Fighting back: 'I wanted to change things'
Across the world, 35% of women say they have experienced either physical or sexual violence.
But in two countries in the Middle East women are fighting back: in one instance with their food and in the other with their fists, as Carolina Valladares and Mohamad Chreyteh report.
In Jordan, martial art expert Lina Khalifeh has seen a strong take up of her self-defence classes, She Fighter; while in Lebanon, Samer Sfeir's Mommy Made trains women in catering, giving them an opportunity to be financially independent.
She Fighter, Jordan
"Growing up and seeing women facing harassment and not being able to defend themselves - of course I wanted to change things," says Lina Khalifeh.
Around 60-70% of women get harassed in Jordan and only a few of them will go on to report it to the police because they feel scared of how their families and especially their husbands will react, she says.
The young Jordanian, who is from Amman and holds a black belt in Taekwondo, is hoping the self-defence classes she runs will lead to a culture shift.
Despite having no other investment other than her own savings, she opened a small studio four years ago. Previously she had tried and failed to get women to take up self-defence. But this time, her timing has been right and she has been successful.
So far, up to 3,500 women have signed up to Lina's fighting school in the Jordanian capital, while the ripple effect has been felt across the country with 12,000 taking up the challenge.
That's not to say it has been an easy journey. Only a few months ago a public school in Amman declined her offer to train girls in martial arts because "that would make them more violent". Other schools, however, have welcomed her ideas for change.
Although her social enterprise is now making a profit through membership and the studio, in order to spread the word of female empowerment she still relies on funding from external sources such as NGOs.
However, for Lina and the confident women she's helped this is just the beginning. Her end goal? "Empowering 10 million women globally".
Mommy Made, Lebanon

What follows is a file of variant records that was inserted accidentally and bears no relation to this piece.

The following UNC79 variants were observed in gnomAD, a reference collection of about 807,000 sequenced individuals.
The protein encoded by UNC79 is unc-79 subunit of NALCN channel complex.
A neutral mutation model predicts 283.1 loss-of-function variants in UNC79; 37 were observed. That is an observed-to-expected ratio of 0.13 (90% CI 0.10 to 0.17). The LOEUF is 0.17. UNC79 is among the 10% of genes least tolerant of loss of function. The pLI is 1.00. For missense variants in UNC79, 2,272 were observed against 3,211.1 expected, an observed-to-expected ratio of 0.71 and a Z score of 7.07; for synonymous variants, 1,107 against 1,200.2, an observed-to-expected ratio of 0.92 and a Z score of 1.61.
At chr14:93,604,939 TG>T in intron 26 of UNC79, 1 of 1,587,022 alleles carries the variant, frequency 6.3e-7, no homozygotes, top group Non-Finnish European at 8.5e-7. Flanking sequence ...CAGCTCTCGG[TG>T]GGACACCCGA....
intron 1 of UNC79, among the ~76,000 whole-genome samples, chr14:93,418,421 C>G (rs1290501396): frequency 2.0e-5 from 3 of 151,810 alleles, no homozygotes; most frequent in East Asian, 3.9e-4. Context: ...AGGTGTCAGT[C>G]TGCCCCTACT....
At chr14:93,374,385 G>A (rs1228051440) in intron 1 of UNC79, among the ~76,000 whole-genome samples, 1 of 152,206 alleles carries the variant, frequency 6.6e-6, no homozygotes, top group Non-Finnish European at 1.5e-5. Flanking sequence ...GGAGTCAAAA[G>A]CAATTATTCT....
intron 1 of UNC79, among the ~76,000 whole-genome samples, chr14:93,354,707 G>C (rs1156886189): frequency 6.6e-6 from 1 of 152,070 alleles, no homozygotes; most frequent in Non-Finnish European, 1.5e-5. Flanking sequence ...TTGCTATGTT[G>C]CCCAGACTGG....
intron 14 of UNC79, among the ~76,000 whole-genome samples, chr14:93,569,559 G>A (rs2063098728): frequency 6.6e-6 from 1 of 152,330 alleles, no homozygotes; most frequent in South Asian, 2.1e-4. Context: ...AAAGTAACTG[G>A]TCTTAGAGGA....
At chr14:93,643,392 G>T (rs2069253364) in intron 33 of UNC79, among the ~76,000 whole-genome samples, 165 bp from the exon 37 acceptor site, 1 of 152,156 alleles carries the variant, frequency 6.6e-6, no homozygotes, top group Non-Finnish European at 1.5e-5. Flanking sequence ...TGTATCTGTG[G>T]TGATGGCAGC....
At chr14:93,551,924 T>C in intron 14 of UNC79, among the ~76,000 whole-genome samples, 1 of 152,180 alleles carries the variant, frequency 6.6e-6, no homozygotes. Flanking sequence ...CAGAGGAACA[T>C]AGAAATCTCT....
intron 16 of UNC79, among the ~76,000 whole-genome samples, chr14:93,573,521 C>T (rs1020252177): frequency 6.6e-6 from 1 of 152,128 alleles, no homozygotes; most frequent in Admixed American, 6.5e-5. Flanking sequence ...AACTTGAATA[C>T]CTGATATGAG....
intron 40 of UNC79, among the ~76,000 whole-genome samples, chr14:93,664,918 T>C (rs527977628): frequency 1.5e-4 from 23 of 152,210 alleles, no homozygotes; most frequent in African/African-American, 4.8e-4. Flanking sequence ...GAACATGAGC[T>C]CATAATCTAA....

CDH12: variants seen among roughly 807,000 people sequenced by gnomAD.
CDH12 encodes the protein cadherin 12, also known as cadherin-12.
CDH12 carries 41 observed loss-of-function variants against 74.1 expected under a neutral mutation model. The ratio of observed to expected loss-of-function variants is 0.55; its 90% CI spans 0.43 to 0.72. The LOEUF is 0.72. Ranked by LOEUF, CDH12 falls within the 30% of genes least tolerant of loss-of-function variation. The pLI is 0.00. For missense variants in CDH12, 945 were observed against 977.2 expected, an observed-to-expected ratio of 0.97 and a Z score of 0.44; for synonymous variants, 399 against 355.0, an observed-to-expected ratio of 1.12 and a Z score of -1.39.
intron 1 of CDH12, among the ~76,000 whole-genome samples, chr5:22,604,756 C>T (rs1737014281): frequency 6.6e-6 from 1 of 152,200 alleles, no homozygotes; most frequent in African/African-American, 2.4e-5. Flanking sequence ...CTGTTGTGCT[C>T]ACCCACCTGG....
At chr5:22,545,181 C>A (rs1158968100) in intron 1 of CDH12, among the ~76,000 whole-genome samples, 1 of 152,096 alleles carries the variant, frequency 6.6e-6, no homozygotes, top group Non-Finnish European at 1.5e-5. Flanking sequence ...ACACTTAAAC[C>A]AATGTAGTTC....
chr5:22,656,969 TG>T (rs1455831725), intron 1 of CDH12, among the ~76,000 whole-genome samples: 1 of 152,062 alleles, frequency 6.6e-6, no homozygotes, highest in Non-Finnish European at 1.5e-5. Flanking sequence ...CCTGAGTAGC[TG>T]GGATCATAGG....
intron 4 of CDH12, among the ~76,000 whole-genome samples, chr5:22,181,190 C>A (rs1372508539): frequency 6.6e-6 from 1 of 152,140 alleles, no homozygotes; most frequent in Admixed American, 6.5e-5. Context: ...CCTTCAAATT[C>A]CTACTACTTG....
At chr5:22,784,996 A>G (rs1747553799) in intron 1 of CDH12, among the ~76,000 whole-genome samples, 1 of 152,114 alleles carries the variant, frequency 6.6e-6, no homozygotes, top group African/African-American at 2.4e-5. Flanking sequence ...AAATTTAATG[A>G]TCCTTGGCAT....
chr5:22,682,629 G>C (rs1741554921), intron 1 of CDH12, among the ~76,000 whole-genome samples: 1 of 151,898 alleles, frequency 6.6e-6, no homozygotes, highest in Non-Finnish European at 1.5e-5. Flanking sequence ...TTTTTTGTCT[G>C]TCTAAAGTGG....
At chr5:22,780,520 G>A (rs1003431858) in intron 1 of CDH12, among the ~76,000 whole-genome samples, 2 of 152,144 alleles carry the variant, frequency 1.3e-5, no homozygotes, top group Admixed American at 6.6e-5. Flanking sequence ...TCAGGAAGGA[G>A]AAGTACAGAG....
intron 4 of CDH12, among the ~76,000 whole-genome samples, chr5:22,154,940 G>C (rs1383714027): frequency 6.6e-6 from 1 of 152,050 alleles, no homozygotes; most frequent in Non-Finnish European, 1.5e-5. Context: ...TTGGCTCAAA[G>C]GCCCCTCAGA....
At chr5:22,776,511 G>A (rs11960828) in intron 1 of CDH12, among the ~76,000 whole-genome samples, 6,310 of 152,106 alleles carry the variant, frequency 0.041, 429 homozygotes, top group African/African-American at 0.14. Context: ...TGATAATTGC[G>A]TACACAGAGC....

Four years ago, Samer Sfeir, a 30-year-old engineer from Lebanon, together with Elie Matta and Chantale Saadeh, decided that despite a lack of cooking and business experience they were going to come up with a plan using both of these elements, which would result in a scheme to empower the women around them.
Their families weren't convinced. They are now.
With the help of Samer's brother, Marwan Sfeir, an architect, Samer converted his grandparents' basement in their 120-year old traditional Lebanese house into a central kitchen where Mommy Made - a social enterprise that trains women, places them in the workforce and also runs a catering service - came to life.
"My friends and I would help families in need during Christmas. But after a while we would contact them again and realise that they were back to a stage where they still needed food and clothing.
"That made us realise we wanted to do something more sustainable. To teach someone how to fish instead of give him a fish", says Samer.
In Lebanon, a country where 28% of people live below the poverty line - with most of them being women facing social, physical and financial challenges - Mommy Made is changing the status quo.
It is giving women at high risk of poverty, domestic violence and other kinds of abuse, often coupled with a lack of education, the chance to be more socially mobile and financially independent.
The organisation operates using a "hybrid model", which works by reinvesting the profits made through the catering service, together with donations to teach and prepare its trainees for a successful career.
To date, Samer and his specialist chefs have trained 80 women, with 50 of them going on to find jobs.
Dina Al Selman, 29, of Jabal Mohsen a poor neighbourhood in Tripoli is one of Mommy Made's success stories. Her house was burned down and she had no way to support her family.
"Where I come from people don't accept the idea of a woman working outside the house. They think women should stay at home.
"But now I am happy because I am able to work and support my children and my family."